Given the attrition that goes part and parcel with the running back position in the National Football League, nothing can wreck a fantasy football season faster than watching in helpless horror as your first-round ball-carrier goes down with an injury.
Unless, of course, you've hedged your bet and bought some insurance by securing that running back's "handcuff," the reserve tailback that can ride in and save the day.
Sometimes it's easier said than done, and it makes more sense with some backs than others, so here's a handy-dandy guide to the top handcuff running backs in 2012.
After two straight seasons with over 1,800 total yards and top-three finishes at his position, there is arguably no more valuable running back in fantasy football than Arian Foster of the Houston Texans.
However, there's no argument that his teammate Ben Tate is the most valuable handcuff in the game.
The third-year pro gained over 1,000 total yards last season in 15 games (including two starts).
Considering the talent he's displayed when given the opportunity, and the Texans' proclivity for running the ball, it's absolutely essential that fantasy owners who spend a top-three pick on Foster acquire Tate as well.
That said, he's not a cheap insurance policy, so be prepared to spend a seventh-round pick, and reach if you have to.
One of the biggest questions facing fantasy owners this season is to what extent Minnesota Vikings running back Adrian Peterson has recovered from the torn ACL and MCL the sixth-year pro suffered last December.
That said, there's little question that if you take the purple leap of faith with Peterson you should grab backup Toby Gerhart as well.
Gerhart rushed for nearly five yards a touch on over 100 carries a year ago, and while he may not have nearly the explosiveness that Peterson does, the third-year pro helps mitigate much of the risk involved in drafting Peterson this year.
Maurice Jones-Drew of the Jacksonville Jaguars may have led the NFL with 1,606 yards rushing in 2011, but with the seventh-year veteran embroiled in a contentious contract holdout he already represents one of the riskier first-round picks in fantasy football this year.
That makes securing backup Rashad Jennings absolutely essential for fantasy owners willing to roll the dice on Jones-Drew.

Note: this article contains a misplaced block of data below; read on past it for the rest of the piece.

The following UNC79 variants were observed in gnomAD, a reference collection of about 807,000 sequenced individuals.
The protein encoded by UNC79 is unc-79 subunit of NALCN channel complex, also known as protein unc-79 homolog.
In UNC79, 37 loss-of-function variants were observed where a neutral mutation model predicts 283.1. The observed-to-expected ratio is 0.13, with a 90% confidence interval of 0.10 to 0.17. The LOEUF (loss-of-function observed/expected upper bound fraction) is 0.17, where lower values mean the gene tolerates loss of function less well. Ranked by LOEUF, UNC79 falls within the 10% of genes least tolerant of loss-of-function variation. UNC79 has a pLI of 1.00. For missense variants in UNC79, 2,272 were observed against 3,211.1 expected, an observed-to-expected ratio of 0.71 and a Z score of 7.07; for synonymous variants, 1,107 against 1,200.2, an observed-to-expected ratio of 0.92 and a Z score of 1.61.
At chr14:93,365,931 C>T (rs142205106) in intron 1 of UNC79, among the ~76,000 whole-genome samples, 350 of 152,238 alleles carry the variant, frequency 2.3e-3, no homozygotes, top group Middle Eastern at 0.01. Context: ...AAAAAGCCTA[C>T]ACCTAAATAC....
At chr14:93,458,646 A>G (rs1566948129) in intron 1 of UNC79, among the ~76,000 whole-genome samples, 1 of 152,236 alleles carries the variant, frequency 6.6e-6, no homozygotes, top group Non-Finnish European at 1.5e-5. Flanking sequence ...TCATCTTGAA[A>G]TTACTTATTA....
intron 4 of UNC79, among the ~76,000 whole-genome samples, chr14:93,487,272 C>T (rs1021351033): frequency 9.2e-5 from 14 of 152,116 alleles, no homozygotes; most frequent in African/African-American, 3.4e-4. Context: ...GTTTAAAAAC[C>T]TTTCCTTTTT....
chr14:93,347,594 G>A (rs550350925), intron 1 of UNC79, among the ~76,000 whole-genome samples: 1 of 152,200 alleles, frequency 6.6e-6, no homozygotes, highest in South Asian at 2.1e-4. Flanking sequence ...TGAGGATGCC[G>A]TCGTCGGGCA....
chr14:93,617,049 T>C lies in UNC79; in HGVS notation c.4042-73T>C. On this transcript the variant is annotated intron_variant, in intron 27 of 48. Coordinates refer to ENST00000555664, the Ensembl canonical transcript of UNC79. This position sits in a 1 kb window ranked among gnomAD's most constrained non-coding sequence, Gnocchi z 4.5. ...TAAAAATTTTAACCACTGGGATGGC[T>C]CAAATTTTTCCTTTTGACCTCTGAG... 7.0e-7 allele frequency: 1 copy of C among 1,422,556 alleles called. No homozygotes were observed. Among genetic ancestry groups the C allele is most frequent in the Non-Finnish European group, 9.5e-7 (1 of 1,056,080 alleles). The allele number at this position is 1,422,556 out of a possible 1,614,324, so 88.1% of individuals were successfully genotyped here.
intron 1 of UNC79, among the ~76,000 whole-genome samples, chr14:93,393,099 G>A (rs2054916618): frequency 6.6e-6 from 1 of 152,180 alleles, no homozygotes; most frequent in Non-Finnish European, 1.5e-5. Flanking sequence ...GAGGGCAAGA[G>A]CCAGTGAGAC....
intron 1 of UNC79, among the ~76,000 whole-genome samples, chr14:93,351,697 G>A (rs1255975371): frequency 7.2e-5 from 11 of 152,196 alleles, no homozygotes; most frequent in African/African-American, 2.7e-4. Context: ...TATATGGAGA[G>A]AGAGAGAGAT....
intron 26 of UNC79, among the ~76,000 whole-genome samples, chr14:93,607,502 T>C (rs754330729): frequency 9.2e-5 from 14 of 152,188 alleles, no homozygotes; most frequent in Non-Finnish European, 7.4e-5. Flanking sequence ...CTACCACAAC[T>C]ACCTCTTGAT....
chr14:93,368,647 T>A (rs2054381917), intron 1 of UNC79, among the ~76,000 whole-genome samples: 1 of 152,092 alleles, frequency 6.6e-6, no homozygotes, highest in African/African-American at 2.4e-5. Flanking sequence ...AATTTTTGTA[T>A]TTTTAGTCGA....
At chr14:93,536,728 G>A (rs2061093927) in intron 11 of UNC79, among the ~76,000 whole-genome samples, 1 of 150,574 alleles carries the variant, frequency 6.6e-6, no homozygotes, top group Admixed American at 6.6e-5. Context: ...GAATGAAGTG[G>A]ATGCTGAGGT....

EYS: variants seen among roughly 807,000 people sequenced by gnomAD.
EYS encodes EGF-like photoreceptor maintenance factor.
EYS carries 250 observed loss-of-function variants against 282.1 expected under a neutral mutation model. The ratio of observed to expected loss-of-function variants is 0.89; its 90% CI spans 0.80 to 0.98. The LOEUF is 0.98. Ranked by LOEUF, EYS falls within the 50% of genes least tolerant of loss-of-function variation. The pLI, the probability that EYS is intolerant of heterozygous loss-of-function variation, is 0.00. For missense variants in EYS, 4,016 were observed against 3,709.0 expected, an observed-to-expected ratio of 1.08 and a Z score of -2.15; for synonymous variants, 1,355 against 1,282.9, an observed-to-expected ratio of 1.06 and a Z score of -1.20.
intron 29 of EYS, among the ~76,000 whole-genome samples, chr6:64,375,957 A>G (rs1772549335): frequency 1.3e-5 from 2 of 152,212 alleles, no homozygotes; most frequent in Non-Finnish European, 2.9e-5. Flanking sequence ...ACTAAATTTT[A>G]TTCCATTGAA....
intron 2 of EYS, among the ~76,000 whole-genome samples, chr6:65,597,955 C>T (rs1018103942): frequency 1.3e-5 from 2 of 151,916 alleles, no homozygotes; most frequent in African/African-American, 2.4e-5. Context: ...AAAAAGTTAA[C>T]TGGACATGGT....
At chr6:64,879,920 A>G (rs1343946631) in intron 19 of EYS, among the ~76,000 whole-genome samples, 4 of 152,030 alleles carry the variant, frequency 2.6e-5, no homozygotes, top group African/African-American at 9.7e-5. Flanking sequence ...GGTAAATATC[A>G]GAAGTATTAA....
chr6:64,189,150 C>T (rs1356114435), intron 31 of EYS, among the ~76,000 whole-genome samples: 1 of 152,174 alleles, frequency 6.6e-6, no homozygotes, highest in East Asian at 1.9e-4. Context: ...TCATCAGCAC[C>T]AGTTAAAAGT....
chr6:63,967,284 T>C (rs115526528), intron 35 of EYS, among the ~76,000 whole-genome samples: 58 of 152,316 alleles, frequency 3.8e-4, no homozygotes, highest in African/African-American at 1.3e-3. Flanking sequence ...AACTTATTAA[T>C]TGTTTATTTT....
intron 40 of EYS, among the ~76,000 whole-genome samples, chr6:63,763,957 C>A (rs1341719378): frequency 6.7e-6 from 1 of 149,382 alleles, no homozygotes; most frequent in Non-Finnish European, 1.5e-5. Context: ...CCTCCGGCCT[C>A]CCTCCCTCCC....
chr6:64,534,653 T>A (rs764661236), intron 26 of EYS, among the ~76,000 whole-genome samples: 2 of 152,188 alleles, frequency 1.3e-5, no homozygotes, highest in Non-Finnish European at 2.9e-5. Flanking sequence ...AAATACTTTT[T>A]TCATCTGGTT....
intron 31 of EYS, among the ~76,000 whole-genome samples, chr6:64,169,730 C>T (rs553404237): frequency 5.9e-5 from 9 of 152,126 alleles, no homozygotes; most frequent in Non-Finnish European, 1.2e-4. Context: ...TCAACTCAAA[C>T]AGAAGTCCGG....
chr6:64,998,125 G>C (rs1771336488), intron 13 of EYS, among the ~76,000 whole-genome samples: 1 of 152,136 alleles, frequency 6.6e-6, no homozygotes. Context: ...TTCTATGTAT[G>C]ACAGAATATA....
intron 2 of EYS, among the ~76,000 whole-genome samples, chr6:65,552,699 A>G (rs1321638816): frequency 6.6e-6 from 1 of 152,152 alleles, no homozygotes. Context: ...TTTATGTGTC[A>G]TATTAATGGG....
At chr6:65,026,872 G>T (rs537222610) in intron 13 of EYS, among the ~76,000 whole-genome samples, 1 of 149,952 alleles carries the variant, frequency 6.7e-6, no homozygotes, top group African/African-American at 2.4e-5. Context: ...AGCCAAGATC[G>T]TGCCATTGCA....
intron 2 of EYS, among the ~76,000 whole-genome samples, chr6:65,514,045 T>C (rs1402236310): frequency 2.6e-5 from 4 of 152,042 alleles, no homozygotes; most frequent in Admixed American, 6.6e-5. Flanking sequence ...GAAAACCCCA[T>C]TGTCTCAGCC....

Jennings, a fourth-year pro, missed all of 2011 with a knee injury, but he's averaged over five yards a carry in limited duty to this point in his career, including a pair of 100 yard games in 2010.
Running back Peyton Hillis rumbled for nearly 1,200 yards for the Cleveland Browns in 2010, which was enough for the fifth-year veteran to find himself the cover athlete for "Madden '12."
And enough for him to fall victim to the "curse" often associated with that distinction.
After a nightmare of a 2011 season, Hillis is now in Kansas City, where the 250-pound bruiser will serve as the thunder to complement lightning-quick running back Jamaal Charles with the Chiefs.
Charles missed nearly all of 2011 with a torn ACL, and given that injury and the fact that Hillis has shown the ability to get the job done, he's not only a valuable handcuff back but also could easily see enough touches this season to be a viable "flex" starter or fantasy reserve in his own right.
However, that doesn't make Goodson any less valuable, especially given who's ahead of him on the depth chart for the Raiders.
As many talents as Darren McFadden may have, durability doesn't appear to be one of them, as the 24-year old has missed at least three games in each of his four NFL seasons, including nine a year ago.
That makes Goodson, acquired by Oakland in an offseason trade with the Carolina Panthers, a wise late-round pick by fantasy owners making a first-round investment in McFadden, especially given Goodson's very modest asking price.